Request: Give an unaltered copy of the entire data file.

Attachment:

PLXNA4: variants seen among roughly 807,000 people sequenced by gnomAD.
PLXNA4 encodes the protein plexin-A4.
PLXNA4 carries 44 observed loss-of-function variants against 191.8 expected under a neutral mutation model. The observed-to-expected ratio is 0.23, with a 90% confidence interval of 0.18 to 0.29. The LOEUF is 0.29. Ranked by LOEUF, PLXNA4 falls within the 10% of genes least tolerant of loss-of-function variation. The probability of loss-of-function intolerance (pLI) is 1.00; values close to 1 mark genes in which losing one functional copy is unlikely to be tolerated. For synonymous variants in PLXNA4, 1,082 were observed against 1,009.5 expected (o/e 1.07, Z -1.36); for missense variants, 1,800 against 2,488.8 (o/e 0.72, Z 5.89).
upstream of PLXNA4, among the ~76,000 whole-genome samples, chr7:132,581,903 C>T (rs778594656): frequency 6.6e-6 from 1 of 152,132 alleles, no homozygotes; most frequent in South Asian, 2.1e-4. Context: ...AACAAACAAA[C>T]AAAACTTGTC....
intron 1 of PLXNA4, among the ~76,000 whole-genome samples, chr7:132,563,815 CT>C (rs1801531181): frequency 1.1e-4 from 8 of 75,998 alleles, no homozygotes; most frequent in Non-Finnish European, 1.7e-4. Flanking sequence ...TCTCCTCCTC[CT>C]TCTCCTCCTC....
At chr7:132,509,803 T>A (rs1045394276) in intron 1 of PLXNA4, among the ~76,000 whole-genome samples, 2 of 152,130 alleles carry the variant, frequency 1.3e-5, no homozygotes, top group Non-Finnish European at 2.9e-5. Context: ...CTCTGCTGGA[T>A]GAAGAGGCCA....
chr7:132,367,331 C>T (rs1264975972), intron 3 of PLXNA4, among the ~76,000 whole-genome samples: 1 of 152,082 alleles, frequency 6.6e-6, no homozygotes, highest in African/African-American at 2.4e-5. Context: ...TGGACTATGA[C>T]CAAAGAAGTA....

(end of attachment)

PLXNA4: variants seen among roughly 807,000 people sequenced by gnomAD.
PLXNA4 encodes the protein plexin-A4.
PLXNA4 carries 44 observed loss-of-function variants against 191.8 expected under a neutral mutation model. The observed-to-expected ratio is 0.23, with a 90% confidence interval of 0.18 to 0.29. The LOEUF is 0.29. Ranked by LOEUF, PLXNA4 falls within the 10% of genes least tolerant of loss-of-function variation. The probability of loss-of-function intolerance (pLI) is 1.00; values close to 1 mark genes in which losing one functional copy is unlikely to be tolerated. For synonymous variants in PLXNA4, 1,082 were observed against 1,009.5 expected (o/e 1.07, Z -1.36); for missense variants, 1,800 against 2,488.8 (o/e 0.72, Z 5.89).
upstream of PLXNA4, among the ~76,000 whole-genome samples, chr7:132,581,903 C>T (rs778594656): frequency 6.6e-6 from 1 of 152,132 alleles, no homozygotes; most frequent in South Asian, 2.1e-4. Context: ...AACAAACAAA[C>T]AAAACTTGTC....
intron 1 of PLXNA4, among the ~76,000 whole-genome samples, chr7:132,563,815 CT>C (rs1801531181): frequency 1.1e-4 from 8 of 75,998 alleles, no homozygotes; most frequent in Non-Finnish European, 1.7e-4. Flanking sequence ...TCTCCTCCTC[CT>C]TCTCCTCCTC....
At chr7:132,509,803 T>A (rs1045394276) in intron 1 of PLXNA4, among the ~76,000 whole-genome samples, 2 of 152,130 alleles carry the variant, frequency 1.3e-5, no homozygotes, top group Non-Finnish European at 2.9e-5. Context: ...CTCTGCTGGA[T>A]GAAGAGGCCA....
chr7:132,367,331 C>T (rs1264975972), intron 3 of PLXNA4, among the ~76,000 whole-genome samples: 1 of 152,082 alleles, frequency 6.6e-6, no homozygotes, highest in African/African-American at 2.4e-5. Context: ...TGGACTATGA[C>T]CAAAGAAGTA....